Lawmakers in Japan are looking into bills which could have a significant impact on the cryptocurrency industry in Japan. Japenese lawmaker Tekeshi Fujimaki who is a representative of the political party Nippon Ishin has recommended four amendments to help promote the wider spread of virtual currency into society. The four proposals are as follows:
1. A separate tax rate of 20% for cryptocurrency gains instead of the current maximum of 55%. THis would bring cryptocurrency investing more in line with the way stock and mutual funds are treated and taxed.
2. Make it possible to carry forward losses on cryptocurrency trading to make the system fairer. That is actually a really powerful rule if passed and will make cryptocurrencies more similar to traditional investments.
3. Remove the tax on trading between cryptocurrencies: Currently, for example, if you trade bitcoin for ethereum and make a profit on that you need to pay tax. His proposal would remove the tax meaning that you only pay when cashing out fiat. This would be a massive boom to cryptocurrency investors in Japan and to the whole trading industry as a whole.
4. Removing tax on making small payments in cryptocurrencies: This would be particularly important when you pay using cryptocurrencies for daily life activities such as paying for lunch at a restaurant. This would be massive in terms of adoption and encouraging people to spend their cryptocurrencies. Currently, in Japan, you need to pay taxes twice when you make a purchase using cryptocurrency, once for the crypto tax and again for the sales tax.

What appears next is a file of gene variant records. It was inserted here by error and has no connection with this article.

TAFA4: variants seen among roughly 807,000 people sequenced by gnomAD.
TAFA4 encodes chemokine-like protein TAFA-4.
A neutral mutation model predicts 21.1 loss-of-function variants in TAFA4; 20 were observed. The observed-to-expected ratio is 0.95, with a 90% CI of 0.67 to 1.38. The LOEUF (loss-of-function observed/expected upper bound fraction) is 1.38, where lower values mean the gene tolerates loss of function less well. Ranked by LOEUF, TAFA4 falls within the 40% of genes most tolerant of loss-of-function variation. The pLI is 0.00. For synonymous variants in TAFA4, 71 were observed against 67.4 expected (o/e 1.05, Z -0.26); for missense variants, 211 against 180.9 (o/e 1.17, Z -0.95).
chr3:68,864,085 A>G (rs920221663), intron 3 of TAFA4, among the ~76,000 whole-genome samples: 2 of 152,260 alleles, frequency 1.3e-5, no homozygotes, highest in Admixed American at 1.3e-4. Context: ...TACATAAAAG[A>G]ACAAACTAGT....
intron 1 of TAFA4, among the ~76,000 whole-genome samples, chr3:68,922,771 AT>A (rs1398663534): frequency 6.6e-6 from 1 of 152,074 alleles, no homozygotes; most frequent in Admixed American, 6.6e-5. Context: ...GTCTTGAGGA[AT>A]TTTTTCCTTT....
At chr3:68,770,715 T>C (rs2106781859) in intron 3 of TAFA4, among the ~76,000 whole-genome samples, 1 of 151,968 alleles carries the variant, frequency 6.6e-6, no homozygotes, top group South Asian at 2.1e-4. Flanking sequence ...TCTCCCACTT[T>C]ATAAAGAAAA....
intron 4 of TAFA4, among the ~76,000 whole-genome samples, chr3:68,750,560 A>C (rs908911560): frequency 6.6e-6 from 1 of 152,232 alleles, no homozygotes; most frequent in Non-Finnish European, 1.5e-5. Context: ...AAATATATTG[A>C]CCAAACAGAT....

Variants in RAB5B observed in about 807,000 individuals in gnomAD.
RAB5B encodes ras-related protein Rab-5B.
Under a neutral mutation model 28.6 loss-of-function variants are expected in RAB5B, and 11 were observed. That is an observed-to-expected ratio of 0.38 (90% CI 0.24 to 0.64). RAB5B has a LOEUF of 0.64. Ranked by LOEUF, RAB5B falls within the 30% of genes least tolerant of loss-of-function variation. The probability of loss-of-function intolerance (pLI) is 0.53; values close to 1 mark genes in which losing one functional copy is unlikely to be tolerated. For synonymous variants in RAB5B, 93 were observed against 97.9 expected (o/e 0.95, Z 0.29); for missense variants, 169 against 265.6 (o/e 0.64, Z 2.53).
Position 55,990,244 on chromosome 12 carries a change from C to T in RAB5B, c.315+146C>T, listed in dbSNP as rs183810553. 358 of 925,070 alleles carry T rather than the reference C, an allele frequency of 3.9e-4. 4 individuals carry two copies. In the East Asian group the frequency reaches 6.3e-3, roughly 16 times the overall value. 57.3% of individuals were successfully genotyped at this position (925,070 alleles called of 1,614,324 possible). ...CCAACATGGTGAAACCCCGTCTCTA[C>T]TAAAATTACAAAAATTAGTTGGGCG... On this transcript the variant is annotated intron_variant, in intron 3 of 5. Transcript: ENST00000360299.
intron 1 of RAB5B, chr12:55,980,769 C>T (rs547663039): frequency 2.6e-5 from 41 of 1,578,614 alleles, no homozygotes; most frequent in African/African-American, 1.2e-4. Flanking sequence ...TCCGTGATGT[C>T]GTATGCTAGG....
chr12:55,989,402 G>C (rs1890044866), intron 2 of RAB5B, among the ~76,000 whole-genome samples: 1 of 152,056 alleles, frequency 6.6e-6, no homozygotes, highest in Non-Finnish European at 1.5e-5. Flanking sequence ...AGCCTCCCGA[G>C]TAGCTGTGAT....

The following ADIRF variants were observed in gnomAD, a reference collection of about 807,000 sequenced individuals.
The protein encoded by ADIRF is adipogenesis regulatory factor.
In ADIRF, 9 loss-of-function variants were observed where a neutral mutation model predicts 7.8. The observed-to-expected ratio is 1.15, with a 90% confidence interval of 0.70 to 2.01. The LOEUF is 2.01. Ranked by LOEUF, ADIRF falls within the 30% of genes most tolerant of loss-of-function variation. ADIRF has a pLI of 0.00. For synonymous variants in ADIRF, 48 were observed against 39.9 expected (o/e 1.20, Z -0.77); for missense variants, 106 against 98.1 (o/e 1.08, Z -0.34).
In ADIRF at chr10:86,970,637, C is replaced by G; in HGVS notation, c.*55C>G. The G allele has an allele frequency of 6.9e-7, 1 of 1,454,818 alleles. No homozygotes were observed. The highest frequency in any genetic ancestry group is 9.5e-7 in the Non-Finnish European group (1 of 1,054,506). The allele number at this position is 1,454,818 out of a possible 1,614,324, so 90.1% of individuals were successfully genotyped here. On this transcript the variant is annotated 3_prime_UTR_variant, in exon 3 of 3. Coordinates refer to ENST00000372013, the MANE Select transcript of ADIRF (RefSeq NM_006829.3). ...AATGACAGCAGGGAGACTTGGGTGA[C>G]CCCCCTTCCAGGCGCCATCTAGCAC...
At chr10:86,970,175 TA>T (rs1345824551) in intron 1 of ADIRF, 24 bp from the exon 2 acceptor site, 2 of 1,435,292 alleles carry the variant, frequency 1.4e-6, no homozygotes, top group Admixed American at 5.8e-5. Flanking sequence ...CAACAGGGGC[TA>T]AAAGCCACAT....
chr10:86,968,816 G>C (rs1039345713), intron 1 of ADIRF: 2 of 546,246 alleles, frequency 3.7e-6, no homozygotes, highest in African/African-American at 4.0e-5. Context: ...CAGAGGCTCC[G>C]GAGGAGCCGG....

This is the second time that Fuji has proposed crypto friendly in the parliament of Japan. Previously his proposal was casually disregarded but let’s hope that this time it is not disregarded that casually. But until we see a signed bill passed into law this is just a proposal and until we see these changes actually happening cryptocurrency enthusiasts in Japan will continue to suffer under an unfair tax regime.
The Financial Services Agency of Japan is set to launch updated regulations on the Initial Coin Offering market. The FSA has been holding ICO study groups to access the best ways to handle ICO regulation citing the need to catch fraudulent offerings. The FSA instead of creating completely new rules is looking to widen the application of two existing laws. The first law is the payment services act and the second is called the financial instruments and exchange act.
The financial instruments and exchange act, in particular, provides a regulatory framework for securities and for securities companies in Japan. The new scope of the regulations would include the need for things like disclosure, financial health screening of ICOs being offered and the regulation of distribution channels for tokens as well as possibly limiting the amount of money that investors can commit to any given ICO. Anyone wanting to hold an ICO in Japan would also to be registered with the FSA. Essentially, the FSA wants to let ICOs happen but in a way which helps investors to better understand the trueness of an ICO without causing too much trouble for the ICO itself. But this may end up impacting the number of ICOs in Japan which are being launched and potentially limit the ability for investors in Japan to participate in a wider range of foreign ICOs.
This appears to be the direction that the FSA is heading towards but it still needs to get approval from the parliament and is likely going to be subject to at least some form of provision before we see a final bill. Overall, while many do not like the idea of government regulations, this will actually be a good thing to help provide more clarity and hopefully increase the number of high quality and legitimate offerings available to investors in Japan.
It appears that lawmakers in Japan are continuing to stay at the forefront of the cryptocurrency regulation scene. If all of the rules discussed above are passed, this would be a great indicator for the future of cryptocurrency in Japan which is currently, of course, one of the crypto friendliest countries anyway.